An Alarm Clock You Will Wanna Break
if you are like me waking up and having to think are two very hard things to do at the same time.
Imagine waking up in a haze and the have to find a wall keypad to enter a code to turn off the alarm that is going off next to your bed. Sounds fun right?
Alarm clock makes you get up and enter a code on a wall keypad to turn it off
While there are still some who, at the mention of the alarm clock, might think of a small, spring-driven, mechanical device topped by a couple of bells with a hammer between them, my generation would probably envision a digital clock radio. Recently, designers have come up with more and more ingenious (read evil) ways to get us out of bed – such as a clock with wheels that runs away at the appointed hour with buzzer sounding, or a 113dB sonic boom skull that also shakes the bed until you switch it off. The Ramos Alarm Clock from Paul Sammut is another design aimed at the dedicated snoozer who can usually find a way to prolong the warmth and comfort under the covers. The clock is wirelessly linked to a separate Defuse Panel located in another room, such as the bathroom, and a code will need to be correctly entered to silence the buzzer.
Currently awaiting crowd-source funding on Kickstarter, the Ramos alarm clock is aiming to hit the market in three flavors. The first is the LED Ramos, which is housed in sustainably-harvested birch, has an electronic buzzer sound and features an internal antenna. It’s wirelessly paired with a Defuse Panel (more on that later) that’s powered by a 9-volt battery. Backers are being asked to pledge US$160 for this model.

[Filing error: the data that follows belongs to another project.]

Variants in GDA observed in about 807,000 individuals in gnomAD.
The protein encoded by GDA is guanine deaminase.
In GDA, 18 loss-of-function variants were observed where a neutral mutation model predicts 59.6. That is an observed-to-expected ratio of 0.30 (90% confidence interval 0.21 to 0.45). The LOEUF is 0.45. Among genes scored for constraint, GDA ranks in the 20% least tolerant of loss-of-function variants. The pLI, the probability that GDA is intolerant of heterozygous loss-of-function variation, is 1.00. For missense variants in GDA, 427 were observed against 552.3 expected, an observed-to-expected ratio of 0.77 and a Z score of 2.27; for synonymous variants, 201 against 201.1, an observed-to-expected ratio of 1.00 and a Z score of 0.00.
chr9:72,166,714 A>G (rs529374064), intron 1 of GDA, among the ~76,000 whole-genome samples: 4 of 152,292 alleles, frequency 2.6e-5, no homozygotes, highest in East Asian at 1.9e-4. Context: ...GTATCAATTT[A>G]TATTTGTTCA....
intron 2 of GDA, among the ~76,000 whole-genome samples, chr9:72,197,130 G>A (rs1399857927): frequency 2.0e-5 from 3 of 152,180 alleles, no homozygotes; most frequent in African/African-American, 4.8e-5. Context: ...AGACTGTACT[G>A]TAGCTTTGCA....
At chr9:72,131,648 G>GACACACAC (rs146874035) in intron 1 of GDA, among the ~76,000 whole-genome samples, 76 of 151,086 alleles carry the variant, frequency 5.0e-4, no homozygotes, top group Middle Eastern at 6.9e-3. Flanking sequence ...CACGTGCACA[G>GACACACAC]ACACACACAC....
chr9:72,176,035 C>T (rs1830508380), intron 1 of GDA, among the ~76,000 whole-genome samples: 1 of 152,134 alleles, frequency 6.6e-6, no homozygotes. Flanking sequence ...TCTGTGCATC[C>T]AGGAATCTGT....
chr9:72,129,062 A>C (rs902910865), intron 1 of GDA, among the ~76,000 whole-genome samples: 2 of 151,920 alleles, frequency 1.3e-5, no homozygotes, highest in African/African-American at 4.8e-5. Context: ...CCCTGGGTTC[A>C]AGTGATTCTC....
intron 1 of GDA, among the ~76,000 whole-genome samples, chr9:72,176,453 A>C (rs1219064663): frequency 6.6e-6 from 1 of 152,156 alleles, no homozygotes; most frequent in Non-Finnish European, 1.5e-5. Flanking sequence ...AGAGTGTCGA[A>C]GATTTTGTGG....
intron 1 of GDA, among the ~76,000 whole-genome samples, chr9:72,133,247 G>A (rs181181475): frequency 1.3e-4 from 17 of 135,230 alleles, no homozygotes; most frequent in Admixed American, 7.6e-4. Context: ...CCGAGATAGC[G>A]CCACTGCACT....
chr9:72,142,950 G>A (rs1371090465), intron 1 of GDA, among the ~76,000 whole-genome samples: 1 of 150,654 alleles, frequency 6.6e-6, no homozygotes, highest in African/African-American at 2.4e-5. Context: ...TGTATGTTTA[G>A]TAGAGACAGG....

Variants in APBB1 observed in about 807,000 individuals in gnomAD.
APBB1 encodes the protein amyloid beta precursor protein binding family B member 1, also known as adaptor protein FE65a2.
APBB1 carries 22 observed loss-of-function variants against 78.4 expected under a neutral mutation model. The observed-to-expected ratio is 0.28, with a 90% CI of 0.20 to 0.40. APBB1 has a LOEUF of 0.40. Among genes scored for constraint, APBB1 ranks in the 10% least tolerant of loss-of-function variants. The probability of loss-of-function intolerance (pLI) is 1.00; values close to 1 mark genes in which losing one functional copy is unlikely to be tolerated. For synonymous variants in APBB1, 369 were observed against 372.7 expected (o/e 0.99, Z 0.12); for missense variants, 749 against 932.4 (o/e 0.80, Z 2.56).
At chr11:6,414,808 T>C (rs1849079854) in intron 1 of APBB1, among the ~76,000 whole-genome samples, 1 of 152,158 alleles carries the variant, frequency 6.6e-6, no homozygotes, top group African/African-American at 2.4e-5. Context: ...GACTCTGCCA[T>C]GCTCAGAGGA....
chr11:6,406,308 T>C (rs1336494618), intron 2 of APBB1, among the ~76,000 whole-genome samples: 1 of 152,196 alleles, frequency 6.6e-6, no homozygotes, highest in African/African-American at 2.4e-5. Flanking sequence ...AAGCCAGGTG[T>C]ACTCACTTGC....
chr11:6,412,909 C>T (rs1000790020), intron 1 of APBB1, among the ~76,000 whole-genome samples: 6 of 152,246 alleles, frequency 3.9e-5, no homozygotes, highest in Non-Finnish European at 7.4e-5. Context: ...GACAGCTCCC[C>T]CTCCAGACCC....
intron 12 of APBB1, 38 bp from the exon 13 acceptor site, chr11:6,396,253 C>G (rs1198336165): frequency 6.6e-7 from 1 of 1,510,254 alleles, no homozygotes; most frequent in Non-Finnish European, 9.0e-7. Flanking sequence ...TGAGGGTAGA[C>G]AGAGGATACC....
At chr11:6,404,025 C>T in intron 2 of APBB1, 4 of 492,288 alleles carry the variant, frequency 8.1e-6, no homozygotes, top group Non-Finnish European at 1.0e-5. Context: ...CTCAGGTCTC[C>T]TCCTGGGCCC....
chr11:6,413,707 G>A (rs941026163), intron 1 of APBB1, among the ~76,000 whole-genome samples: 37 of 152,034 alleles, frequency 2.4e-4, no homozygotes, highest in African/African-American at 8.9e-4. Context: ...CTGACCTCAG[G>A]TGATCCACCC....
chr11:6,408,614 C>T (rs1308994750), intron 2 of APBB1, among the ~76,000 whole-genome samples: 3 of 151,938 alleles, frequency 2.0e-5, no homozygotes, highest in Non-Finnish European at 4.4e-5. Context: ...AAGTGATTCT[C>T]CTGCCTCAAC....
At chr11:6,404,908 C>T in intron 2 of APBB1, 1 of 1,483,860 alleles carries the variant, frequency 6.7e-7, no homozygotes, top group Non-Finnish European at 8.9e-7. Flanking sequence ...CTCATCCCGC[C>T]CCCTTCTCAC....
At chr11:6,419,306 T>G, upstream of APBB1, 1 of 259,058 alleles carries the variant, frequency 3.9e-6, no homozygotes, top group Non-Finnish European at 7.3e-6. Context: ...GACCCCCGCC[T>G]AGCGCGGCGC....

The second model features vertically mounted, new-old-stock Soviet Union nixie tubes with green LED backlighting for the clock display and is appropriately named the Nixie Ramos. The electronics are enclosed in a glossy, sustainably-harvested teak case and, while the prototype shown in the gallery has an external antenna, the production model will sport a similar internal antenna as that found in the LED version. This unit will also come with an electronic tone generator and the same Defuse Panel, and is pitched at US$350.
Additionally, Sammut is offering to produce a custom model to user specifications (including retaining the retro external antenna seen in the prototype if you wish) for a pledge of US$800 or more. He’s also giving backers of this level a choice of woods and finishes for the housing, and spare nixie tubes will be included.
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